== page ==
Former Kiwis captain Simon Mannering is one of three senior players under pressure to retain or reclaim their spots with national selectors divided over whether to include him in their World Cup squad.
Most Kiwis fans would have Mannering among the first players picked, however the Warriors' stalwart's inclusion is not guaranteed and his potential role remains the topic of great debate among the Kiwis' brains trust.
Kiwis coach David Kidwell is understood to be a strong advocate of Mannering and eager to have him among his 24-man squad. But Kidwell and fellow selectors Tawera Nikau, Hugh McGahan and Tony Iro are yet to determine how or where the 42-test veteran fits into plans to drastically revamp the side's style of play.
Incumbent hooker Issac Luke is another who could pay the price for the Warriors poor NRL season, while Sydney Roosters front-rower Jared Waerea-Hargreaves needs to produce a block-buster performance in tomorrow night's grand final qualifier against North Queensland, to prove he's deserving of a test recall.
"Those are the things that we have to deliberate over as selectors, but Simon's one of those players that you know what you're going to get out of him week-in and week-out," Nikau explained to the Herald.
"But is that going to be good enough to play the brand of football that we need? Those are the discussions and the debates that we are currently having at the moment.
"Everyone will say that he's the heart and soul of the Warriors, but at the end of the day, we've going to pick a squad that's going to play a style of football that David wants to play, but also be able to challenge the Aussies, the English, Samoans and Tongans.
"Those are the tough conversations and debates that we need to have."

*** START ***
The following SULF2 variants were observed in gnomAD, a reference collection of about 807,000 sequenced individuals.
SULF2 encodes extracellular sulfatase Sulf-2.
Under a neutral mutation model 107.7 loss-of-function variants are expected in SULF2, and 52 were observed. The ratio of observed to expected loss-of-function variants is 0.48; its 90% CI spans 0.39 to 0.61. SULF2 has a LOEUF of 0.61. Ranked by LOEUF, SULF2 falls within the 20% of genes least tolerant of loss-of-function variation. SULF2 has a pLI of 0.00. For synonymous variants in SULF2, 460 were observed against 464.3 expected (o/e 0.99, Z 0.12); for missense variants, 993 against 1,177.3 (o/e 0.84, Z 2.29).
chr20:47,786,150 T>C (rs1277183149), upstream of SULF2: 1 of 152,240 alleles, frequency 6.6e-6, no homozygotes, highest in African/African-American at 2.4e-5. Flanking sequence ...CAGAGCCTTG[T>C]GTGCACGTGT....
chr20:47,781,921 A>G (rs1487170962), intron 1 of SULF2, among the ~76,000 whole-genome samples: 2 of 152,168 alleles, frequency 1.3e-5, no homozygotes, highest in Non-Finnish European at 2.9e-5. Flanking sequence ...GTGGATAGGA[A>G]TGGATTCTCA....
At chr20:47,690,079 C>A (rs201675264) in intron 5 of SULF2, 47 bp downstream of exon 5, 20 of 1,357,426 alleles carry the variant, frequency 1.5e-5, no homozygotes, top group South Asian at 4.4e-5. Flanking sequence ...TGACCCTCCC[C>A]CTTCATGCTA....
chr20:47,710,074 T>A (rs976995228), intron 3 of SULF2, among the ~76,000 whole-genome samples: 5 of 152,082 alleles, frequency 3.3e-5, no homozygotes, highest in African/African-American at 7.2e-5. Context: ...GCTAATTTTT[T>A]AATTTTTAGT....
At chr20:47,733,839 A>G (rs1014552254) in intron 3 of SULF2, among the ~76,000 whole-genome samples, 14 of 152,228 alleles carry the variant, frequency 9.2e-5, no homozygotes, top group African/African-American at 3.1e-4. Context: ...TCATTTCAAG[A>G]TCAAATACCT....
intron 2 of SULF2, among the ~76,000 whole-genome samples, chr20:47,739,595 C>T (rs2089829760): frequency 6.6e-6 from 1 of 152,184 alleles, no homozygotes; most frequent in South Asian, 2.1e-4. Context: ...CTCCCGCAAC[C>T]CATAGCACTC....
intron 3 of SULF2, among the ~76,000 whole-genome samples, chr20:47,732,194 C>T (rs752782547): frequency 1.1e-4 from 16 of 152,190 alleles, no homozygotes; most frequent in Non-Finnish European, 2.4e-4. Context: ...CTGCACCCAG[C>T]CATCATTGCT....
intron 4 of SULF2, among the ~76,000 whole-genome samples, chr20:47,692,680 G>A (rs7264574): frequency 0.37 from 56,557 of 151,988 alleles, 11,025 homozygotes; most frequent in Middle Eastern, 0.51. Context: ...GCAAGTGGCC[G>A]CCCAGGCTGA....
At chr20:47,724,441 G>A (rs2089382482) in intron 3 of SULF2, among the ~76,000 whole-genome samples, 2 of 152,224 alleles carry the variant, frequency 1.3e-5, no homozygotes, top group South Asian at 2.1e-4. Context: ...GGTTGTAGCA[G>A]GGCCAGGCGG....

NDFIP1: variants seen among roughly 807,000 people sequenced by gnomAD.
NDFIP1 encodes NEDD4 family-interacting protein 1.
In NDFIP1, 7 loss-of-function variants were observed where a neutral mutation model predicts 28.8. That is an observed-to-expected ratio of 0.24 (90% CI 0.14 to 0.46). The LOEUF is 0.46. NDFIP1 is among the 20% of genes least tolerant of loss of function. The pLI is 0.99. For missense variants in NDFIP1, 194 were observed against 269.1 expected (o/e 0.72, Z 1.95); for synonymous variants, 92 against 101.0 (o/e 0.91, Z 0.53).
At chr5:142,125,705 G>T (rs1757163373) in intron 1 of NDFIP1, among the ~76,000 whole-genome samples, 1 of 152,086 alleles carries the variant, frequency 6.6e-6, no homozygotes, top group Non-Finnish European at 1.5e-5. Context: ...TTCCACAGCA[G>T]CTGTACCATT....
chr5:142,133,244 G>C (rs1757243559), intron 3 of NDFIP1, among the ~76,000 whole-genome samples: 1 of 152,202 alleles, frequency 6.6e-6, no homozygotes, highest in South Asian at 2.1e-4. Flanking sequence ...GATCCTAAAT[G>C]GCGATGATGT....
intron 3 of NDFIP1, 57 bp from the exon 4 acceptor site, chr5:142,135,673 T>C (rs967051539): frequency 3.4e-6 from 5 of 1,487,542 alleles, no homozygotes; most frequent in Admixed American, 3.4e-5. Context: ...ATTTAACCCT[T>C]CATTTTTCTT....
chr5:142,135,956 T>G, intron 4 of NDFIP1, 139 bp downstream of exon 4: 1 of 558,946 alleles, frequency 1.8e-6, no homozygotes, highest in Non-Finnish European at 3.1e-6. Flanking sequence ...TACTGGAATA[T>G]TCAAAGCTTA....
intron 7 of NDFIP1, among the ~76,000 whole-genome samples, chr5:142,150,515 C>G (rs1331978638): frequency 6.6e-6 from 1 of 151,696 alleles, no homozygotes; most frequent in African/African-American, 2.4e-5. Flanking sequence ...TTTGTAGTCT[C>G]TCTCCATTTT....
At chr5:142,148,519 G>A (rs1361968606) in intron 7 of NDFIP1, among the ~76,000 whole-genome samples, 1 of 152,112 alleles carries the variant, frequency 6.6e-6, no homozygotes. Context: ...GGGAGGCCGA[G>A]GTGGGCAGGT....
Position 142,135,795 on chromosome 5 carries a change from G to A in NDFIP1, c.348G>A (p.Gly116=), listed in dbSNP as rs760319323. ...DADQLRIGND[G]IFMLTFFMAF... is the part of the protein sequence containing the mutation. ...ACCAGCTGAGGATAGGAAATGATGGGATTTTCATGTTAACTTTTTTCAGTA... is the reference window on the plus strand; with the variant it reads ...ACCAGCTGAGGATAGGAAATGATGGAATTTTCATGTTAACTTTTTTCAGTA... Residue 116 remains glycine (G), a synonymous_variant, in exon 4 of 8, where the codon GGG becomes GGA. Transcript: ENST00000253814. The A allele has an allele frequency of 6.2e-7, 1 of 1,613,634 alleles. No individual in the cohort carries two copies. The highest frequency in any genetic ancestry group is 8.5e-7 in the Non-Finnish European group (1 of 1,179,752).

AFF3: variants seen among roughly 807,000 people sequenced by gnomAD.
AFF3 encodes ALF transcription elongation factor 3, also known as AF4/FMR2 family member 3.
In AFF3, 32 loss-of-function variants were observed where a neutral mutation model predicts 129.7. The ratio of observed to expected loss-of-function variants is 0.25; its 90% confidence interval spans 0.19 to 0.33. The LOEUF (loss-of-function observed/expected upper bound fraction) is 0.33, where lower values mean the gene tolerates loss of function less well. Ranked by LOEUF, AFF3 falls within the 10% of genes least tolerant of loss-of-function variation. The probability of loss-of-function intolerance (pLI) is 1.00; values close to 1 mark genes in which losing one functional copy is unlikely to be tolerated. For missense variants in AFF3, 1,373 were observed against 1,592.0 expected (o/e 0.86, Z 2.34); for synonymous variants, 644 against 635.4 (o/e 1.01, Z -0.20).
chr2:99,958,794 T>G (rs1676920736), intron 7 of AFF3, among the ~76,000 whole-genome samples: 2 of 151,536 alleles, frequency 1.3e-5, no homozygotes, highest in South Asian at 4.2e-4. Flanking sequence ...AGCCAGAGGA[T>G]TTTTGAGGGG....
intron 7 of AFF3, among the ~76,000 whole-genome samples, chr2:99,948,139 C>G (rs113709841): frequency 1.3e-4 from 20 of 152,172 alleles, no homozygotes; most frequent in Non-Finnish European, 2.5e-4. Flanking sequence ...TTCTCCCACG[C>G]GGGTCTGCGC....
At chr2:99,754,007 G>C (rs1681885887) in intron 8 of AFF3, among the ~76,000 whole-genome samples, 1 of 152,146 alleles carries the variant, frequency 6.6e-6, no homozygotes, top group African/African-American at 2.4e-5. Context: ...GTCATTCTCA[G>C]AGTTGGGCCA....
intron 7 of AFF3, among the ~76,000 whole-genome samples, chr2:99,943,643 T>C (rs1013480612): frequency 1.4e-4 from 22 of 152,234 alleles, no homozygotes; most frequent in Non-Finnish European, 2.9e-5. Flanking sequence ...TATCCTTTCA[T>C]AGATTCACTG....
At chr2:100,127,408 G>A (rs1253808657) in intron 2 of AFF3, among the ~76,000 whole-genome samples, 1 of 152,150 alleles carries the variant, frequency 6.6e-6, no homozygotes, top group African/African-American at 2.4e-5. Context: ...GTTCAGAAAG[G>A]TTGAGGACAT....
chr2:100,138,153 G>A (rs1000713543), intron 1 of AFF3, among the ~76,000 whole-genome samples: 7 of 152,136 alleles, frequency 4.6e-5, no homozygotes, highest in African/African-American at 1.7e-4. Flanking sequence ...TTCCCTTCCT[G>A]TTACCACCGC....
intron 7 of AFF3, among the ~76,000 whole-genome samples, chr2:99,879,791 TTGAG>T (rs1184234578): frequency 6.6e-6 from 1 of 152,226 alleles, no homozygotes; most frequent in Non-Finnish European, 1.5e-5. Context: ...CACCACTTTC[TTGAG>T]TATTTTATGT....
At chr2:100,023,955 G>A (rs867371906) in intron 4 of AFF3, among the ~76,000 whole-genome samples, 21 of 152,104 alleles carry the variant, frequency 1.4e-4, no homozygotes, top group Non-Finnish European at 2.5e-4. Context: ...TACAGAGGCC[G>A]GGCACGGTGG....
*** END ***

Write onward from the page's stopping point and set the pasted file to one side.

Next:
A Kiwis squad without Mannering is almost unthinkable. But even if he does make the cut for the end of season tournament, he may find himself relegated to a spot on the interchange bench.
"There is some discussion and debate about that," said Nikau. "Is he starting or coming off the bench? There's a whole lot of those different conversations (happening).
"But it's (about) what does he actually bring to the team. You know what you're going to get out of him.
"There are those debates. We're having those conversations."
Kidwell, together with recently appointed technical analyst and veteran NRL coach, Brian Smith, have formulated a plan to improve the Kiwis struggling attack.
A change in tactics is desperately needed. The Kiwis have lost their last four tests against the Kangaroos and managed just one win from six starts since Kidwell replaced former coach Stephen Kearney last September.
"David's got a game plan to change that and has had a look at trying to exploit how we want to play in the World Cup," said Nikau.
"Coming up with a plan to be able to do that and deliver is quite exciting. There's a really great opportunity for us to expand and develop and bring something different to the table.
"Picking a team that fits that is a key job for us as selectors."
The Herald understands the Kiwis forwards will be given greater licence to use the ball, with halves Shaun Johnson and Kieran Foran and fullback Roger Tuivasa-Sheck instructed to play at the line and provide constant support through the middle of the ruck.
Having a speedy dummyhalf is also integral to that plan, and Luke, who was dropped from the Warriors starting side for the round 23 match against Canberra, could also find himself out in the cold.
Former Warriors utility Thomas Leuluai is expected to win selection and provide cover for hooker and the halves. Young Newcastle Knights hooker Danny Levi is believed to be the main challenger to win the role as back-up hooker, ahead of Storm rookie Brandon Smith, who will turn out for the Sunshine Coast in Sunday's Intrust Super Cup grand final against the PNG Hunters at Suncorp Stadium.
The pressure is also on Waerea-Hargreaves to not only contain Kiwis and Cowboys powerhouse Jason Taumalolo, but maintain his discipline in tomorrow night's clash at Allianz Stadium.
The Roosters' enforcer was picked for last year's Four Nations but failed to deliver when it mattered and was overlooked for the Anzac test in Canberra in May.
"Jared brings a whole lot of aggression but with that he also tends to step over the line sometimes," said Nikau.
"In the past he's been guilty of giving away too many penalties and probably drifting in and out of games.
"He hasn't delivered on the international stage so the pressure is on him to deliver and perform."